expected is “consistency.”

The results of this method were “Consistency” values (lower = more consistent) of:

Jeff Green: *5.53 Consistency
LeBron James: 7.98 Consistency
Paul George 6.04 Consistency


To confirm these results, I then decided to plot the “Points Created Per 36” value from each game log, and see how frequently each player played in their “expected productivity zone.”

The productivity zones used were as follows:

Jeff Green: 22 – 32 Points Created Per 36 (Based on 27.10 above)
LeBron James 43 – 53 Points Created Per 36 (Based on 48.04 above)
Paul George 30 – 40 Points Created Per 36 (Based on 35.53 above)

Charted, the game logs looked like this:






As you can see Jeff’s Points Created Per 36 logs mostly fall in his expected range, while Paul George also does a good job, and LeBron James either way over-performs, or way under-performs.

Taking these as a percentage, each player performs with a “Consistency percentage” as follows:

Jeff Green: 12 (in the zone) / 24 (overall) = 50.0% Consistency Percentage
LeBron James: 6 (in the zone) / 22 (overall) = 22.7% Consistency Percentage
Paul George: 10 (in the zone) / 22 (overall) = 45.4% Consistency Percentage

In conclusion, Jeff is doing a very good job at putting together consistent games night in and night out this season.

I believe, given this consistency, Brad Stevens should make sure Jeff is putting up more than his current 12.9 shots per game, and see what he can really get out of him.

Like this Article? Share it!

  • Shannon Mcclary

    If Jeff Green put up 15-20 shots a game he would easily average over 20pts. He’s shooting at a very good percentage. He just play the way his coach tells him. In every big game against stars he shows out.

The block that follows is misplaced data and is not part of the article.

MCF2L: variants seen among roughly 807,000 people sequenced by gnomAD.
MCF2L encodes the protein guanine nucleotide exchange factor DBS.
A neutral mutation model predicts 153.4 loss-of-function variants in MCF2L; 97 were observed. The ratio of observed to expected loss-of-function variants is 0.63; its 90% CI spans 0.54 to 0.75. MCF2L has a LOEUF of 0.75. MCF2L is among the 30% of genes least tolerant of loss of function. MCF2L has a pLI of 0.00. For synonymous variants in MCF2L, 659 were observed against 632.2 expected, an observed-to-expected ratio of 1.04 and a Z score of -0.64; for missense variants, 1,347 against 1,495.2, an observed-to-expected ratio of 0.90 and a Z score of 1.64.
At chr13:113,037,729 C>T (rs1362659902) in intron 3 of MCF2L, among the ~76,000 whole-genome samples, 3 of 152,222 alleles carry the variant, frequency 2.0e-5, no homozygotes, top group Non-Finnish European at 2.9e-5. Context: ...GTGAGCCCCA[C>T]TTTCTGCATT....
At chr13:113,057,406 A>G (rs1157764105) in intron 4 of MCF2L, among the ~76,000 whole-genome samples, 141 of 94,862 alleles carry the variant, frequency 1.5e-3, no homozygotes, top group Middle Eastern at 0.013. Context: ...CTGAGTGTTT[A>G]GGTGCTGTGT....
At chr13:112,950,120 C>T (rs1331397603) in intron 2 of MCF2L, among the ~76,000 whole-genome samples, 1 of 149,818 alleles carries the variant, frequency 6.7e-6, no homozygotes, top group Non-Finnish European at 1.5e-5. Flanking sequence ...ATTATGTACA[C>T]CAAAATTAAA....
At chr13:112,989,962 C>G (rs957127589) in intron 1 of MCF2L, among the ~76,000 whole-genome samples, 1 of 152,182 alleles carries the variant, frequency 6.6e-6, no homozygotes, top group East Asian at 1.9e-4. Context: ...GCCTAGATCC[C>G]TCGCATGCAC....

• Double D

      You forgot to carry the 1. The whole equation is now meaningless.

      • KWAPT

        It wasn’t funny the first time.

  • Curt Hays

    Everyone is about to start going on about how this doesn’t mean Jeff is better than LeBron or PG. Mike J is NOT making that claim. This is an interesting way to determine if someone deserves the ball more. I too am a data analyst, and based on the data, I can support the conclusion.

    I would like to suggest considering that games ABOVE the green zone should be considered “consistent” because they were AT LEAST as good as expected.

    – First thing I notice is that LeBron may be the least consistent, but his worst games are higher than Jeff’s average. This would support making no changes.

    – Paul George only has four games BELOW his green zone. I’d argue that he’s more consistent than the other two.

    I like this post, Chuck. Critical thinking from the readers.

    • P Funk